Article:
I’m a scholar and critic who wants to understand media experiences from audiences of the past, present, and future. This fascination has taken me to study the language of smell, the work of recovered women writers, never-published manuscript fiction, fanwork, and livestreamed tabletop roleplaying games.

I believe that technological shifts of the past can illuminate our present, that book history and digital scholarship work beautifully together, that librarians and archivists are invaluable collaborators, and that hands-on experience of research is an important component of student learning.

My most important work is as academic hype-woman for literary and academic work. My project to make manuscript fiction more discoverable through better metadata led me to become the director of 18thConnect.org, an aggregator of eighteenth-century primary and secondary resources. I spend a good chunk of my time helping newbie digital scholars think about how to organize and plan their projects.


BA, Bryn Mawr College (2003)
MA, Centre for Eighteenth-Century Studies, University of York (2005)
PhD, University of Missouri (2009)

Other Publications


Reading Smell in Eighteenth-Century Fiction (Bucknell 2016)


Refereed Publications


  • “Am I A Romanticist? My Department Can’t Decide.” Keats-Shelley Journal, “200 Years, 50 Voices” special issue (2020)

  • “‘Is It Thursday Yet?” Narrative Time in Critical Role” in Roleplaying Games in the Digital Age: Essays on Transmedia Storytelling, Tabletop Role-Playing, and Fandom, Eds. Jennifer Grouling & Stephanie Hedge (Studies in Gaming Series, McFarland & Co.)

  • “Must Anonymous Be a Woman? Gender and Anonymity in the Archives” (Special Issue on “Women in Archives” for Tulsa Studies in Women’s Literature Winter/Spring 2021)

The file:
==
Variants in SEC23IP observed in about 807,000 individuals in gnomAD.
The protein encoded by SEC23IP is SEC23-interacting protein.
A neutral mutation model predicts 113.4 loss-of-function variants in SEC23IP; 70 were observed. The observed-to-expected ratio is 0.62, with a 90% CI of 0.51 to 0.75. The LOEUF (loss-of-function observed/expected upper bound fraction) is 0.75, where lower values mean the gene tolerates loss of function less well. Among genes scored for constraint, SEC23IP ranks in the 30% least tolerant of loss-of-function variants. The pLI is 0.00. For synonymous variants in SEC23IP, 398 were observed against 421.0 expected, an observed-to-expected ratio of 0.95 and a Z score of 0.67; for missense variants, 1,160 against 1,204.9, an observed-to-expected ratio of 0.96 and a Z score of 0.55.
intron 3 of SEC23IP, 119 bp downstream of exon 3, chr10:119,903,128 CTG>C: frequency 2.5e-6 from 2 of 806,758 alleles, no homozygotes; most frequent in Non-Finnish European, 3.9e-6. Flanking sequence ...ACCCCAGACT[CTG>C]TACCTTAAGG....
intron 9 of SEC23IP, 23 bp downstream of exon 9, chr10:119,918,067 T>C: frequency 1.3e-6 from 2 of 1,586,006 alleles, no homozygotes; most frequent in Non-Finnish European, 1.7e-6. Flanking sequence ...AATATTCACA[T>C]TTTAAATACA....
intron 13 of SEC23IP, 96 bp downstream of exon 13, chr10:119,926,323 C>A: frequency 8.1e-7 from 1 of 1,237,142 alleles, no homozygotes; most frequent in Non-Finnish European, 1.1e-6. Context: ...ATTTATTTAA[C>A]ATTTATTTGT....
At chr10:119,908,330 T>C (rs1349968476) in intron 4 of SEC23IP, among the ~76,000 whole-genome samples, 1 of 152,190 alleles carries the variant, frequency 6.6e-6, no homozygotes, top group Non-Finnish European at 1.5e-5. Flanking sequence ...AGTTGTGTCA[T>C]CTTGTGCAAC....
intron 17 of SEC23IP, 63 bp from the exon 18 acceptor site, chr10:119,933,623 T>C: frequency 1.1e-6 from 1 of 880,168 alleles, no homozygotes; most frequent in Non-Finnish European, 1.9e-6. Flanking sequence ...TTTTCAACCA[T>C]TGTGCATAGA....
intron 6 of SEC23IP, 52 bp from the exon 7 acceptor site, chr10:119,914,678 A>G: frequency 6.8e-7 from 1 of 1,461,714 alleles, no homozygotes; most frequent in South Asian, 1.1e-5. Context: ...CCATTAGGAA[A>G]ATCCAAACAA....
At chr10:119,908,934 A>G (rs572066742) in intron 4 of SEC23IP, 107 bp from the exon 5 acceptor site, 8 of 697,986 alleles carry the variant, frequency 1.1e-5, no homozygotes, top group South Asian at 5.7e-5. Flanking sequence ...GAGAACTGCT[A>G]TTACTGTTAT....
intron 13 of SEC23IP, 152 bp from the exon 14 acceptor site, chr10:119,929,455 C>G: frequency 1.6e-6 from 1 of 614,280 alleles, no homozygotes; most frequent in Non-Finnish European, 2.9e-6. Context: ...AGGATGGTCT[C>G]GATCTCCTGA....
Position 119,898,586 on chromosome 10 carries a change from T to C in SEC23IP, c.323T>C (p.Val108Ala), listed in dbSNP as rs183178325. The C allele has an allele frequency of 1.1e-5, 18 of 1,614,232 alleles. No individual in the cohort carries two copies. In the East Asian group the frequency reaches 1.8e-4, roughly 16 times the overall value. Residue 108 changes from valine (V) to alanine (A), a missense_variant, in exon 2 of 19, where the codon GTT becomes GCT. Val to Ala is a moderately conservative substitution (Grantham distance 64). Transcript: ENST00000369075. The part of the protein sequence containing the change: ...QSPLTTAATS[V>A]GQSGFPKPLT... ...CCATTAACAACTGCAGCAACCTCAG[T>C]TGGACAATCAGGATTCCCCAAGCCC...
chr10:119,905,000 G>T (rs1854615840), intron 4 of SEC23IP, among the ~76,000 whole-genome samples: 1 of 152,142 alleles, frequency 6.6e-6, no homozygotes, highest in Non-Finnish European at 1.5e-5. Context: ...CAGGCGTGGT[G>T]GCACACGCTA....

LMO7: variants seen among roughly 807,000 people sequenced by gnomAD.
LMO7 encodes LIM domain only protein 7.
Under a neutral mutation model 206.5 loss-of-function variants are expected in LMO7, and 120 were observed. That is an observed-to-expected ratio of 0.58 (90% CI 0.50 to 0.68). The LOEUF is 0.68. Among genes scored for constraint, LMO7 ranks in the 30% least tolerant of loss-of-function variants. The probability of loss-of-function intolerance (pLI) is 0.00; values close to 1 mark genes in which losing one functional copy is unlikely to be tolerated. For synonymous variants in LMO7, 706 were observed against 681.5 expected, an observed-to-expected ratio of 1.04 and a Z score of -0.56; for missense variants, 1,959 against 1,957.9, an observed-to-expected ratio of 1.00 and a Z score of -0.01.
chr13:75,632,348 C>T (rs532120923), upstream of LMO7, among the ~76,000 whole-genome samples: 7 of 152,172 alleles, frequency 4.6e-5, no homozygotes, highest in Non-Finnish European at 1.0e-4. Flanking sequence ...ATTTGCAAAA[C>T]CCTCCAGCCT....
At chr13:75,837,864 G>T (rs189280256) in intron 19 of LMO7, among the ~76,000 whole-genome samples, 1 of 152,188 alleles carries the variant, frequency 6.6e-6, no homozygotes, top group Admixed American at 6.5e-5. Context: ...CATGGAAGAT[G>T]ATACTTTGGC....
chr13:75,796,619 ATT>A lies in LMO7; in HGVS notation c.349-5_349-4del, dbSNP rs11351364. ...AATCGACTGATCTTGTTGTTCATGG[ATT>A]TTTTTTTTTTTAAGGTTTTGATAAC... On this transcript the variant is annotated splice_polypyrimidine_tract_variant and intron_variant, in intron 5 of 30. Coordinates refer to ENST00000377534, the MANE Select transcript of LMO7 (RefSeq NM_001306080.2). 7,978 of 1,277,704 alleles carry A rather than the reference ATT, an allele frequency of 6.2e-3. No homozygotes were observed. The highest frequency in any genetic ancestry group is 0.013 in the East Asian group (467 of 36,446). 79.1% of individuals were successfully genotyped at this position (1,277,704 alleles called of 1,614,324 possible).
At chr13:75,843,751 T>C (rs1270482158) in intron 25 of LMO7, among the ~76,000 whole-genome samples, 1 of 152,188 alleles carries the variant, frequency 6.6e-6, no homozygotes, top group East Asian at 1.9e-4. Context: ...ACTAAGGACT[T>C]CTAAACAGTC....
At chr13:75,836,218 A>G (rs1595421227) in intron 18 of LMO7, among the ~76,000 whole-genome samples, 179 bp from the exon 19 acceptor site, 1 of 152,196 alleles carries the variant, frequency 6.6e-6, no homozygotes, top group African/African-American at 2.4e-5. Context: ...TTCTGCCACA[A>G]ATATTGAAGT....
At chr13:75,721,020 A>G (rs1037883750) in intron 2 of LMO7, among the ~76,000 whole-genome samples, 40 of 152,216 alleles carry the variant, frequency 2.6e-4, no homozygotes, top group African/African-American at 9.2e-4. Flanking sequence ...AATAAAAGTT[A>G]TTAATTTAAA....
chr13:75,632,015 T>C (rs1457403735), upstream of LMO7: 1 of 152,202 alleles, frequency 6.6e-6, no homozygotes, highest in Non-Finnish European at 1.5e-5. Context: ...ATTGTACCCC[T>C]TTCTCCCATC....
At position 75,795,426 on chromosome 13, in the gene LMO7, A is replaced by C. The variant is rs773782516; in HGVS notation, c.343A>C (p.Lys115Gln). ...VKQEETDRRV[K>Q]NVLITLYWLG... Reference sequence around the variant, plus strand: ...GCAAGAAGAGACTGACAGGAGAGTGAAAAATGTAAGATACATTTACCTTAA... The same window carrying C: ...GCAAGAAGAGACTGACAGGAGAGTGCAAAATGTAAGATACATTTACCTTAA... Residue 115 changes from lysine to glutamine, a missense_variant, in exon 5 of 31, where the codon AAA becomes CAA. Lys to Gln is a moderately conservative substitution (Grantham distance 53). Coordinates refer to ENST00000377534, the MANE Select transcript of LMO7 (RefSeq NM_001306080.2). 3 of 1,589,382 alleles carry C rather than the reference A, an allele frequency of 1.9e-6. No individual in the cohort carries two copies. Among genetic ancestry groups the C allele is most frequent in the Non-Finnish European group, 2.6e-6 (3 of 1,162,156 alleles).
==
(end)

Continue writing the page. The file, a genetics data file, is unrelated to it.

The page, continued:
• “Eluding Print: Manuscript Fiction and the Survival of Scribal Practices in the Age of Print” (Special issue of Huntington Library Quarterly by the Women in Book History Research Group, Spring 2021.)

  • “Novel Knowledge, or Cleaning Dirty Data: Towards Open-Source Histories of the Novel,” Data Visualization in Eighteenth-Century Studies. (Palgrave 2021)

  • “Ownership, Copyright, Ethics of the Unpublished” in Access, Control, and Dissemination in Digital Humanities (Routledge).

Other Public Writing​​

  • “Sanditon” The Palgrave Encyclopedia of Romantic-Era Women’s Writing.

  • Manuscript Fiction in the Archive,” The Eighteenth-Century Common. June 8, 2016. ​

  • (With Derek Ross) “Back to our roots: Digital humanities and the history of the book.” Auburn Speaks 2015.

  • “Sarah Fielding.” Wiley-Blackwell Encyclopaedia of British Literature, 1660-1789.

  • “The history of the novel as glimpsed through Chawton’s manuscripts.”  The Female Spectator. Autumn 2009, Vol 13. No. 4.

Blog Posts


  • Manuscript Fiction in the Age of Print, 1750-1900 (digital resource)

  • A Literary History of Alternative Circulation (monograph)

  • “Austen Among the Amateurs” (essay)

  • “‘Critical Reception up to 1900.” Daniel Defoe in Context, Eds. George Justice and Albert J. Rivero. Cambridge University Press. (Essay Due September 2020)

  • “Using Digital Methods to Introduce Students to Archival Work” (for ABO: Aphra Behn Online)​

  • “The Authorship of Smell” (article)

  • “The Strange Afterlife of Austen’s Cancelled Chapters of Persuasion” (article)

Upcoming Talks and Conferences

  • “Hester Thrale Piozzi’s Manuscript Fiction.” Symposium on Hester Thrale. UCLA/Clark Library. September 24-5, 2021.

  • Panelist [on future of Digital Humanities and 18th Century Studies], “Presidential Session: Innovating the Next Fifty Years of ASECS” American Society for Eighteenth-Century Studies 2021.

  • Roundtable Participant [On 18thConnect and Peer Review], “Reviewing #C18dh Scholarship” [Digital Humanities Caucus] American Society for Eighteenth-Century Studies 2021.


American Society for Eighteenth-Century Studies
The Society for the History of Authorship, Reading and Publishing
Aphra Behn Society, Frances Burney Society, Jane Austen Society of North America

Emily Friedman

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